How, you wonder, does feminism get established in a patriarchal society? There are any number of manospherians who claim that women agitated for and created feminism. I prefer to think of Solomon II’s aphorism that feminism is how alpha men control beta men by proxy.
So it is instructive to consider India, a culture that has survived for thousands of years, and whose population will soon be the largest in the world, by itself outnumbering the plant’s “European” peoples in Europe, the Americas, and Australasia. A recent op-ed in the New York Times illustrates the point. A woman with child (we detest Latin terms like “pregnant” around here) writes to her unborn son, apologizing in advance for turning him into a woman’s lickspittle:
“It’s a change that must begin in our homes,” I wrote to my son. “For generations we’ve secretly watched intelligent, imaginative and hugely-talented grandmothers, grandaunts, mothers, sisters, wives and daughters pushed into the background, purely on account of their gender. So, it’s no surprise that our women are now pushing all the boundaries in their own little worlds. We didn’t and don’t want to be left behind. But as a boy who will one day grow up to be a man [Ed: don’t count on it!], I hope you will have the courage to respect all women, whoever they may be.”
Does an Indian woman’s right to respect come only by virtue of her ability to reproduce? If we don’t conform to the Indian man’s ideal of a motherly avatar, are we to be reduced to objects of flesh? And what of the millions of foreign travellers who pass through the country and leave with at least one harrowing tale of public sexual harassment?
Now, women have much greater utility than simple reproduction; anyone with a brain knows that, and only a brainless feminist constructing a strawman would argue thus. Of course, what this Indian woman writer seeks is to do well in an area where she has no absolute advantage. I always think of what Gavin McInnes writes about this:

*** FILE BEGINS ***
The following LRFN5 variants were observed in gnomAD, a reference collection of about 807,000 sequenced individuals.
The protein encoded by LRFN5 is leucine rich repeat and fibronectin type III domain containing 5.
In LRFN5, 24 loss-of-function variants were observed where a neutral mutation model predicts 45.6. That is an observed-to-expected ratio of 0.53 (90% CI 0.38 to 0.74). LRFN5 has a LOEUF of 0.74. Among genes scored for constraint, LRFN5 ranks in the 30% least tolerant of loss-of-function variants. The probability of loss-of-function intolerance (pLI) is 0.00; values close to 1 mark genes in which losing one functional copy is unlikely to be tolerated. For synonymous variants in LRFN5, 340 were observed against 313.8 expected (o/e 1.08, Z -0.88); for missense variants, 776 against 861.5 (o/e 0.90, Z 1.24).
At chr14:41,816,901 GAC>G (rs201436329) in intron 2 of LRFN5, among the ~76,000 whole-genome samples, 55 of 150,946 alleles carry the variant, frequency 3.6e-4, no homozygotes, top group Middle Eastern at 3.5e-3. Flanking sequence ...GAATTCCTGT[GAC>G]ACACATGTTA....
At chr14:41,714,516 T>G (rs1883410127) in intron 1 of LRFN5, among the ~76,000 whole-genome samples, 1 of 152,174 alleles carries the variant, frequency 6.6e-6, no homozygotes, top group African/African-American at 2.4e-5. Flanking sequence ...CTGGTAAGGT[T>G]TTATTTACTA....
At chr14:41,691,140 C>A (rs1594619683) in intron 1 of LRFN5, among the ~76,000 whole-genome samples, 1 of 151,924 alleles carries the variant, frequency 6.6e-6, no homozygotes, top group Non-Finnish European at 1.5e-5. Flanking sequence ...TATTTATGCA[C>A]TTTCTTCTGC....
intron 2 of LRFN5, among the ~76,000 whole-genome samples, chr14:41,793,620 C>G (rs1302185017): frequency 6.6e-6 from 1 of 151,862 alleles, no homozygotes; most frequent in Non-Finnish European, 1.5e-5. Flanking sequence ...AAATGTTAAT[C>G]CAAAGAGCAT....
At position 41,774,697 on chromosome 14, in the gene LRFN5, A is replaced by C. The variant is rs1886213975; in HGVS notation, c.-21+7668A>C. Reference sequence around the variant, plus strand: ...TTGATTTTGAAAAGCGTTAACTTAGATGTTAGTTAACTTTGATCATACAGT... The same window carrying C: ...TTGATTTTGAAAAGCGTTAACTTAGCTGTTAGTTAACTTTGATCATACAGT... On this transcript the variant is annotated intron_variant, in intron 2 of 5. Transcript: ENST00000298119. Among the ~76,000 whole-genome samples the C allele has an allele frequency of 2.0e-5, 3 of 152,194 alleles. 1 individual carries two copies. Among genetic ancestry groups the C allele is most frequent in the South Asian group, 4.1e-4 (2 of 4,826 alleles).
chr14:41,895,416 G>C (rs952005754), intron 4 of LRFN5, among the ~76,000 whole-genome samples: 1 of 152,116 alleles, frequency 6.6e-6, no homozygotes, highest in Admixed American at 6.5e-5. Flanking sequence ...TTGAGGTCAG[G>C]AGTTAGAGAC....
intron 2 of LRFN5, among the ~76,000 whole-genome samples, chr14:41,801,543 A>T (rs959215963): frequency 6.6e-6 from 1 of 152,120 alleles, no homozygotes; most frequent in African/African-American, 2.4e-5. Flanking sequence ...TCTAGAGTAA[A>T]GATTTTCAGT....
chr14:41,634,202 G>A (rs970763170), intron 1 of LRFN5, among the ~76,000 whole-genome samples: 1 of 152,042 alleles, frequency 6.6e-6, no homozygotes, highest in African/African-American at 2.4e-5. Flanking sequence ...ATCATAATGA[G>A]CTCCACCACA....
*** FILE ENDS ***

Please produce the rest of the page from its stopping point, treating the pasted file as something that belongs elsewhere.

Today’s feminists actually resent what it is to be a woman. They resent the ability to give life. Ooooooh kaaaaaaye.
The irony is, by discrediting all it is to be a female and trying desperately to prove they are just as male as most men, they become the textbook definition of a misogynist. No ladies, you’re not as good at fractions as us and you can’t bench press as much as us. So fucking what. YOU’RE MAGIC. Living beings that populate the world come out of your body. You’re a magic alien with super powers that we all need to exist. Now you want to beat me at checkers, too? It’s like me sitting at a bar and telling Superman, “I know way more about punk seven inches than you AND I am way better at making pant jokes than you. Therefore, I’m better.” Then he says, “Oh yeah?” And goes flying out the top of the bar knocking ten foot holes in every floor he goes through. Then he flies to Mars and gets some huge rock nobody’s ever heard of. Then he brings it back and puts it on the bar and says, “Nigga, you’re not even in the same league as me.” To which I would respond, “Oh.”
However, women are taught never to discuss their superpowers. In fact, they are vilified for succumbing to them.
Anyhoo, back to the point. India appears to be a VERY sexist, patriarchal place: the horror! How, one asks, does the author propose to make it more woman-friendly?
(W)hat India desperately needs is a women’s revolution, led by men. Fathers, sons, grandfathers, brothers, uncles, nephews, boyfriends, husbands, lovers who are comfortable with the rise of their women. Men who don’t feel emasculated by the success of their women. Men who don’t need to demonstrate their physical dominance privately, when they’re unable to match their women’s achievements in the public sphere. Men who are happy to step back and watch their women lead the way.
Her granddaughter won’t like the result.